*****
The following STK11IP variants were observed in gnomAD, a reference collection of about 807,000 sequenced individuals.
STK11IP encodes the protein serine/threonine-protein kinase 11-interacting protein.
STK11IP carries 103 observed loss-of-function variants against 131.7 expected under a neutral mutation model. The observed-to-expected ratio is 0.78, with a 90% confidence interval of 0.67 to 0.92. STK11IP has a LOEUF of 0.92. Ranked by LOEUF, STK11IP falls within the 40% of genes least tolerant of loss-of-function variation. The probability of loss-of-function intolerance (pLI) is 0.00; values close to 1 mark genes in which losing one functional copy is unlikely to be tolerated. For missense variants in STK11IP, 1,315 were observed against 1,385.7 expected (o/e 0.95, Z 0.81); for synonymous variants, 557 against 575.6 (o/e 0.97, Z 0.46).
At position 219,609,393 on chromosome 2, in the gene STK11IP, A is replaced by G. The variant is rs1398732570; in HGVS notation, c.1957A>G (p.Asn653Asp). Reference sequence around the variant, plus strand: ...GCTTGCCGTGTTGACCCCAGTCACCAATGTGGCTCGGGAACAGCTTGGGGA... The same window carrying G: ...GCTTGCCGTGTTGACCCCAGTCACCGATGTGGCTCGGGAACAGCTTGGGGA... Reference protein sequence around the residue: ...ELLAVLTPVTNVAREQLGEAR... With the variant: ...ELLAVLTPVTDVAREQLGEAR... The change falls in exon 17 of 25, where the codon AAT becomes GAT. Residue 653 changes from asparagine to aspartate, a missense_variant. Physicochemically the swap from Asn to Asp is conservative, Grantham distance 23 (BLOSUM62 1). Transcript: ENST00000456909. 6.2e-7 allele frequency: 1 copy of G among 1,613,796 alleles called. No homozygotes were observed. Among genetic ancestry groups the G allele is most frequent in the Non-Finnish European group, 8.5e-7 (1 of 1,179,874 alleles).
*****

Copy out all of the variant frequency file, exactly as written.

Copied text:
The following STK11IP variants were observed in gnomAD, a reference collection of about 807,000 sequenced individuals.
STK11IP encodes the protein serine/threonine-protein kinase 11-interacting protein.
STK11IP carries 103 observed loss-of-function variants against 131.7 expected under a neutral mutation model. The observed-to-expected ratio is 0.78, with a 90% confidence interval of 0.67 to 0.92. STK11IP has a LOEUF of 0.92. Ranked by LOEUF, STK11IP falls within the 40% of genes least tolerant of loss-of-function variation. The probability of loss-of-function intolerance (pLI) is 0.00; values close to 1 mark genes in which losing one functional copy is unlikely to be tolerated. For missense variants in STK11IP, 1,315 were observed against 1,385.7 expected (o/e 0.95, Z 0.81); for synonymous variants, 557 against 575.6 (o/e 0.97, Z 0.46).
At position 219,609,393 on chromosome 2, in the gene STK11IP, A is replaced by G. The variant is rs1398732570; in HGVS notation, c.1957A>G (p.Asn653Asp). Reference sequence around the variant, plus strand: ...GCTTGCCGTGTTGACCCCAGTCACCAATGTGGCTCGGGAACAGCTTGGGGA... The same window carrying G: ...GCTTGCCGTGTTGACCCCAGTCACCGATGTGGCTCGGGAACAGCTTGGGGA... Reference protein sequence around the residue: ...ELLAVLTPVTNVAREQLGEAR... With the variant: ...ELLAVLTPVTDVAREQLGEAR... The change falls in exon 17 of 25, where the codon AAT becomes GAT. Residue 653 changes from asparagine to aspartate, a missense_variant. Physicochemically the swap from Asn to Asp is conservative, Grantham distance 23 (BLOSUM62 1). Transcript: ENST00000456909. 6.2e-7 allele frequency: 1 copy of G among 1,613,796 alleles called. No homozygotes were observed. Among genetic ancestry groups the G allele is most frequent in the Non-Finnish European group, 8.5e-7 (1 of 1,179,874 alleles).